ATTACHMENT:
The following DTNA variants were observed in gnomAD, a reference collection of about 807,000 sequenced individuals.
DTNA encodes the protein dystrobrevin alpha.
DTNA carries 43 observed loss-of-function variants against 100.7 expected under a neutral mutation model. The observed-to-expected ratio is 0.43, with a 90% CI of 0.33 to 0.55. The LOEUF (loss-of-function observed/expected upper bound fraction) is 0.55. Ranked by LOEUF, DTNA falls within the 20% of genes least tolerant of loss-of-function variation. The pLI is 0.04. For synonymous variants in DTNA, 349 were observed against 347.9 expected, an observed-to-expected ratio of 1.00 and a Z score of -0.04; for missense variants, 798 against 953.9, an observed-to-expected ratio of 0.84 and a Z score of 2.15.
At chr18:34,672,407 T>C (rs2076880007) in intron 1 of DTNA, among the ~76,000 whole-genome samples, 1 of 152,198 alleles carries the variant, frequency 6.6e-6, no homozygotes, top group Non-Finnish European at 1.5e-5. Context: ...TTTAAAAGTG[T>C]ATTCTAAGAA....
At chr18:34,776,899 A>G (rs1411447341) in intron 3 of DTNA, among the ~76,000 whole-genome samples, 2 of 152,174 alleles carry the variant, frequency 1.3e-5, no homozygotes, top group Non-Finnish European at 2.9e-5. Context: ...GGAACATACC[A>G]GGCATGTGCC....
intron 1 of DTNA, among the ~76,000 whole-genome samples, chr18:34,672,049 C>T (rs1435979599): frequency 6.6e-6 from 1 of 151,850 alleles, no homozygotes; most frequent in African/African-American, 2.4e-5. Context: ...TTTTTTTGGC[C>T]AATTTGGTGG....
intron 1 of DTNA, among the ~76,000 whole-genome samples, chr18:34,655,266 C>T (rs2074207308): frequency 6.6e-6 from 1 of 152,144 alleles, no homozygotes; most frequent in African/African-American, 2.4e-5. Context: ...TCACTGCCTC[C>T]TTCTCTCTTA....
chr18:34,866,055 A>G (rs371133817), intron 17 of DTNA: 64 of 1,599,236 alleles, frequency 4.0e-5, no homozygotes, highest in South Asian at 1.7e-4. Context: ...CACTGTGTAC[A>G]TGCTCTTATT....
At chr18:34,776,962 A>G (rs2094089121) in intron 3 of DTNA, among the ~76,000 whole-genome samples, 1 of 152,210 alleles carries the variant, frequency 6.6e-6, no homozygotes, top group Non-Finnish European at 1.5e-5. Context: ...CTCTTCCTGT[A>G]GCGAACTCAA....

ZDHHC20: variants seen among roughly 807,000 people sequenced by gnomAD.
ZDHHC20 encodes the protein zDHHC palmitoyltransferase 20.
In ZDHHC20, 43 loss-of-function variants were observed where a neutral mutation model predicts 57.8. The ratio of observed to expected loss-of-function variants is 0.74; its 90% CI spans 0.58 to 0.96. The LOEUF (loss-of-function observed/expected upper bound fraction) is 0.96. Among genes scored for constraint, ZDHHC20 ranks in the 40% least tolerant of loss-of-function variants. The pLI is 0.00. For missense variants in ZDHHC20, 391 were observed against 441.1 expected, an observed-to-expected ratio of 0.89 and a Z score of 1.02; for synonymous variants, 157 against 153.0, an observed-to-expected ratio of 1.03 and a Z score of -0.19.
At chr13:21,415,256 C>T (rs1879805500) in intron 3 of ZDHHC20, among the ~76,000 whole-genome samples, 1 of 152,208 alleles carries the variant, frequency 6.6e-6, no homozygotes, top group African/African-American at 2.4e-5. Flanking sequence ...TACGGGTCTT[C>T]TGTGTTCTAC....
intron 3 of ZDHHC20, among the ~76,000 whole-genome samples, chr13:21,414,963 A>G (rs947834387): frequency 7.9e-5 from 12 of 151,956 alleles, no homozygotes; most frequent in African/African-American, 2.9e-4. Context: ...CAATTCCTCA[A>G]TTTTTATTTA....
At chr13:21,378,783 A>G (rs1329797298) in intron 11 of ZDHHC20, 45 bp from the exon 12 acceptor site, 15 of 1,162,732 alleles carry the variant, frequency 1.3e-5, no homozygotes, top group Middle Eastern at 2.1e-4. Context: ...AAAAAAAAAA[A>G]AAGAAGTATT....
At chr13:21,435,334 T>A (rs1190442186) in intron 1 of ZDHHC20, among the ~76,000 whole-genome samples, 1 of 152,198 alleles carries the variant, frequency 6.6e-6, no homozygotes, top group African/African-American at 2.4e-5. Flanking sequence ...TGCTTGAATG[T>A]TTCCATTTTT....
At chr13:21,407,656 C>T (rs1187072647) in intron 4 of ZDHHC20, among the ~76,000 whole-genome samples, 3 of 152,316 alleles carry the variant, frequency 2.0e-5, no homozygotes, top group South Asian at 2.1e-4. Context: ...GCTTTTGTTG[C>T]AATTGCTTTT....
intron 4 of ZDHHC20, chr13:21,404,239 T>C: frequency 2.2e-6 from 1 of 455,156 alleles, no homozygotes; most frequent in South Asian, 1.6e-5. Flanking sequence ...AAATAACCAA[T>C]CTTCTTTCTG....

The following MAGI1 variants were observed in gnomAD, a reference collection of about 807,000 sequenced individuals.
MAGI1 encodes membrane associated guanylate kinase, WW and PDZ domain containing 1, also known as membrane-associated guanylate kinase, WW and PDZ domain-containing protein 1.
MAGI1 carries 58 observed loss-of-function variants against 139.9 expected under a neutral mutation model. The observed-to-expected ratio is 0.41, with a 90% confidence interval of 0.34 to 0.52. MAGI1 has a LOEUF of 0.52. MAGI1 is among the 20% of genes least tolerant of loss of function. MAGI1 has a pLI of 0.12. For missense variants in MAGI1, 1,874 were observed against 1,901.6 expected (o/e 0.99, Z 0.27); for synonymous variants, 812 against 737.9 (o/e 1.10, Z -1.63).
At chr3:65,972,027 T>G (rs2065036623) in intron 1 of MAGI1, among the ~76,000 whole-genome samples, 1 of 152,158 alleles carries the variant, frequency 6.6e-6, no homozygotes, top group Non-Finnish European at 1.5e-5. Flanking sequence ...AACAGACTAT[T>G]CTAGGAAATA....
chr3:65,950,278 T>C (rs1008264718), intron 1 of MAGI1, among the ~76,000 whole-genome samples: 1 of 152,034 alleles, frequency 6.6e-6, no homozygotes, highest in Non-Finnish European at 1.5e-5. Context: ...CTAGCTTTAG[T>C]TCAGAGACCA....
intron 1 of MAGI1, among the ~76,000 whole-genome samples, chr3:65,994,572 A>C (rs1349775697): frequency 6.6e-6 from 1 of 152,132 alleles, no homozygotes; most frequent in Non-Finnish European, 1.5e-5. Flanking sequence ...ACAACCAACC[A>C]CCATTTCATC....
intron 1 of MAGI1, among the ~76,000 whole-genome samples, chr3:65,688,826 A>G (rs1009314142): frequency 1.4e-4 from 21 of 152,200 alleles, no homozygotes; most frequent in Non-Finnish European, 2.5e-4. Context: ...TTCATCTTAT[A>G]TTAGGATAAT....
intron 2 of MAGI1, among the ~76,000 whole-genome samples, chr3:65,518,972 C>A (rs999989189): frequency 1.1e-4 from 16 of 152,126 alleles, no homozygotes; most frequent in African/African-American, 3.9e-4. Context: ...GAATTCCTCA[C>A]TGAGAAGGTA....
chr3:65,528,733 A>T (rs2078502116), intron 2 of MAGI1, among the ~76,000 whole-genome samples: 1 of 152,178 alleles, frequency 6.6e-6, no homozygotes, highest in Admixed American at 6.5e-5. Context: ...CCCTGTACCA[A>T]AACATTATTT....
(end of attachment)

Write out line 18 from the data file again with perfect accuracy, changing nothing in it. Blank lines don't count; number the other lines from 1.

intron 4 of ZDHHC20, chr13:21,404,239 T>C: frequency 2.2e-6 from 1 of 455,156 alleles, no homozygotes; most frequent in South Asian, 1.6e-5. Flanking sequence ...AAATAACCAA[T>C]CTTCTTTCTG....